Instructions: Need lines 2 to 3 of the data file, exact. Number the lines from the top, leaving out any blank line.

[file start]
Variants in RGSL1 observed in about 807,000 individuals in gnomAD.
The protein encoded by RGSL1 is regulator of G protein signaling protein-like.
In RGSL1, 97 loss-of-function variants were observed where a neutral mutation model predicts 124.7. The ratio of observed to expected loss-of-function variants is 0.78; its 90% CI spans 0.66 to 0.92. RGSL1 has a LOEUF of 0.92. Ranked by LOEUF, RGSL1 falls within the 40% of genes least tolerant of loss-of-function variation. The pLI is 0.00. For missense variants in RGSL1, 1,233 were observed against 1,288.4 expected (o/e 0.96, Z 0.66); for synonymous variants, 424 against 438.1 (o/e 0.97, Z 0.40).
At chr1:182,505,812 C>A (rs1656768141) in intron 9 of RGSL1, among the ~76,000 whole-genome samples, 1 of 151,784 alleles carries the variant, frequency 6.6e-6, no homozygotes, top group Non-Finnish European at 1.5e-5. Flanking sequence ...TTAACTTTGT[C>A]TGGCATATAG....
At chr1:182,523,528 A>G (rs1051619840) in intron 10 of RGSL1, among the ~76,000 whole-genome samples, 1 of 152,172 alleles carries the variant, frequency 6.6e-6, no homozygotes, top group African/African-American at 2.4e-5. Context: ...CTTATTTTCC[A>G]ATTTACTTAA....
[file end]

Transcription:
The protein encoded by RGSL1 is regulator of G protein signaling protein-like.
In RGSL1, 97 loss-of-function variants were observed where a neutral mutation model predicts 124.7. The ratio of observed to expected loss-of-function variants is 0.78; its 90% CI spans 0.66 to 0.92. RGSL1 has a LOEUF of 0.92. Ranked by LOEUF, RGSL1 falls within the 40% of genes least tolerant of loss-of-function variation. The pLI is 0.00. For missense variants in RGSL1, 1,233 were observed against 1,288.4 expected (o/e 0.96, Z 0.66); for synonymous variants, 424 against 438.1 (o/e 0.97, Z 0.40).